The London-led implosion of Bingham’s international office started with a 22-partner exit, with Akin Gump initially securing 18 partners in London, two partners in Frankfurt to open the firm’s first German office and a further two in Hong Kong.

This was swiftly followed by a further four partners making the same switch, a group that included Hong Kong-based Puhar. All 28 partners are expected to join Akin Gump within the coming weeks.

Akin Gump chairperson Kim Koopersmith said: ‘Mark and Anne-Marie are terrific practitioners who join a truly exceptional group of lawyers poised to make a tremendous impact on our firm and help strengthen our brand as a global institution.’

tom.moore@legalease.co.uk

Legal Business

Akin Gump finishes the job and takes four more partners from Bingham

Akin Gump finishes the job and takes four more partners from Bingham

Akin Gump Strauss Hauer & Feld has continued its takeover of Bingham McCutchen’s $50m revenue London office with the hire of four more partners leaving only two partners representing the beleaguered US firm in the City.

The firm, which last week brought in a 22-partner team that pulled partners from London, Frankfurt and Hong Kong, has almost finalised plans to rebrand Bingham’s office with an Akin Gump plaque, with the two remaining partners understood to be looking to move to other firms in the City.

London-based corporate partner Vance Chapman, a private equity specialist with close ties to the esteemed restructuring practice spearheaded by James Roome, Barry Russell and James Terry, that has already agreed to join Akin Gump, moves across alongside funds duo Thomas ‘John’ Holton and Thiha Tun. The moves take the number of partners at the combined entity up to 40.

Holton’s exit will add to Bingham’s woes, with his switch as part of the London-led exodus creating the first US dent. Holton is a longstanding partner at Bingham, with 19 years under his belt, and splits his time between Boston and the City. He focuses on launching and restructuring private equity and hedge funds and adds US regulatory experience in London at a time when firms – including international juggernaut Baker & McKenzie – have sought to build such capability.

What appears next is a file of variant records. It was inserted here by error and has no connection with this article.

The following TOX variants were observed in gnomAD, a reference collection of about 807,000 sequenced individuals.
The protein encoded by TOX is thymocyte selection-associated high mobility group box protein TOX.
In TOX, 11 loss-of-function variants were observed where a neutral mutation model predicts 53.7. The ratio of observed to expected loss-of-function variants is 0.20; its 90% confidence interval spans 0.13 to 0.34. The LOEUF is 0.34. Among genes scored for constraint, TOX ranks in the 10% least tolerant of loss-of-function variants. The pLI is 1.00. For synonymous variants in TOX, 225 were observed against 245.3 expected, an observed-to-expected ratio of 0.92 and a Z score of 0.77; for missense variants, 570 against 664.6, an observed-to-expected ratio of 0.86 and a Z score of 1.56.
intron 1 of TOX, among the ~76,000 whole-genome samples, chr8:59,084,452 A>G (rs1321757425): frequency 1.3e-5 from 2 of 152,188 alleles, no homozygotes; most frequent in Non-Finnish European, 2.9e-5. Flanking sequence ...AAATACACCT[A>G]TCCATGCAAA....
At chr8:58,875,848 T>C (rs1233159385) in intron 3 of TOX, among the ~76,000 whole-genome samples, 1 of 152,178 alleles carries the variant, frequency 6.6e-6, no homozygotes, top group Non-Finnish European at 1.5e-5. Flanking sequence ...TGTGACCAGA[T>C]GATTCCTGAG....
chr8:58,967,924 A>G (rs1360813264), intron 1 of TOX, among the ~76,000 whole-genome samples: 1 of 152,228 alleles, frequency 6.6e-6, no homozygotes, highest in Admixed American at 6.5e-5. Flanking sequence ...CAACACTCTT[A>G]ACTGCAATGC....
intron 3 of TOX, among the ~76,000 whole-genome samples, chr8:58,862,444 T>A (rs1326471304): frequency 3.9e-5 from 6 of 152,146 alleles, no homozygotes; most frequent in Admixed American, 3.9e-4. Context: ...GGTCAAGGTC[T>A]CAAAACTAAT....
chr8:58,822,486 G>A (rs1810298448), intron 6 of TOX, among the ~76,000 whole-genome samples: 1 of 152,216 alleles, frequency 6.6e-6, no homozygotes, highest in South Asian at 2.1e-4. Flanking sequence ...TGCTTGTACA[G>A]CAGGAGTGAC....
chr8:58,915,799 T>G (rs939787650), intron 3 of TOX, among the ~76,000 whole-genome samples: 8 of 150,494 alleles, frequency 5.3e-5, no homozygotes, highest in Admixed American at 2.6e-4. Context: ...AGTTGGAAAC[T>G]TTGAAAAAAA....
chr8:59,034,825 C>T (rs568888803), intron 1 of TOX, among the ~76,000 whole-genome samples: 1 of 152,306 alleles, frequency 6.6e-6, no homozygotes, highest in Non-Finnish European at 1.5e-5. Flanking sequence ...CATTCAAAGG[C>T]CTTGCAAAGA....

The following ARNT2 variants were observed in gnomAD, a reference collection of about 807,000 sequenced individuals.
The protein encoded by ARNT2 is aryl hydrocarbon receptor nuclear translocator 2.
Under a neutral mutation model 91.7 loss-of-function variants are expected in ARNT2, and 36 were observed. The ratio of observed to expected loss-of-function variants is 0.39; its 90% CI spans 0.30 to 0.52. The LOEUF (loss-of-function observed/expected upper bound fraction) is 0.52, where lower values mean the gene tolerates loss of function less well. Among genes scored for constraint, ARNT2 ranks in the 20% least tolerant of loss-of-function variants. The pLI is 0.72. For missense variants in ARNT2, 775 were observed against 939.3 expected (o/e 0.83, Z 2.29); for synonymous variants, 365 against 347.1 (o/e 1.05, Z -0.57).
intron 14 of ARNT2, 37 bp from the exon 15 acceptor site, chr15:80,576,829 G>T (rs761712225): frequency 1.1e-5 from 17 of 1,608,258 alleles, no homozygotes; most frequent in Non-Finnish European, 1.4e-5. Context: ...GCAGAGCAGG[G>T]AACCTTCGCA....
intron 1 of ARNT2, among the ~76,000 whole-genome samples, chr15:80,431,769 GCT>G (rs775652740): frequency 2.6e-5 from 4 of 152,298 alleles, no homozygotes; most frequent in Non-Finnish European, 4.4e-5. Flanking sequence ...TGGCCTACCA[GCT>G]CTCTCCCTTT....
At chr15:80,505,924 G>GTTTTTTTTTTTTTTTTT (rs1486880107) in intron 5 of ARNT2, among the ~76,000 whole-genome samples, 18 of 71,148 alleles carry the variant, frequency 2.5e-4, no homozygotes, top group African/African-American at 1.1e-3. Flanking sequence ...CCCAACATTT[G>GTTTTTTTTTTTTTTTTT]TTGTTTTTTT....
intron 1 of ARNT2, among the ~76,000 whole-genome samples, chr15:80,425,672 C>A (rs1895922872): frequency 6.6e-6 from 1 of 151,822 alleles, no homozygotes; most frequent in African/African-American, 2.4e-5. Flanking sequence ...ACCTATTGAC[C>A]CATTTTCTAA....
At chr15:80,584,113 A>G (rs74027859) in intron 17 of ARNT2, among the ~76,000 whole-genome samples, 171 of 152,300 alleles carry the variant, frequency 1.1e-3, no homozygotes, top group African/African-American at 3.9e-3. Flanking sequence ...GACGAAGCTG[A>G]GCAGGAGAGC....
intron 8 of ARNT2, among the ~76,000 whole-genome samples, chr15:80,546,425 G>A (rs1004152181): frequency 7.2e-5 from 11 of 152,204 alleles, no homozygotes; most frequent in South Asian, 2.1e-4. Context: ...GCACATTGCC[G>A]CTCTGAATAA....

Hong Kong-based corporate partner Matthew Puhar follows fellow corporate partner Charles Rogers and financial restructuring partner Naomi Moore to Akin Gump’s Hong Kong office. His exit takes Bingham down to just three partners in the province, making it half the size it was just a fortnight ago.

Akin Gump chairperson Kim Koopersmith said: ‘The chance to welcome these additional stellar lawyers further reinforces this outstanding opportunity. This continued expansion of our capabilities and services in these critical markets is further evidence of our commitment to the development of a truly robust international platform that plays to our strengths and benefits our clients.’

Sebastian Rice, who will continue to head Akin Gump’s post-merger London office, added: ‘The arrival of this team will undoubtedly be of great benefit to our top-flight London funds practice and enhance our globally recognised corporate team.’

tom.moore@legalease.co.uk

Legal Business

Secured: Akin pulls off one of the largest ever City acquisitions with 22-partner Bingham team

Secured: Akin pulls off one of the largest ever City acquisitions with 22-partner Bingham team

Bingham McCutchen’s London office, which turned over $52.3m last year, will merge with Akin Gump Strauss Hauer & Feld in a move that will more than double the size of the firm in the City.

Akin Gump’s 19 partner office in the City will be combined with a 22-strong team from Bingham that includes partners in Hong Kong and Germany. The move sees 10 join as partners from Bingham’s much lauded financial restructuring team and will become effective over the coming weeks and is expected to push Akin Gump’s London office into the top 20 international firms in London by turnover.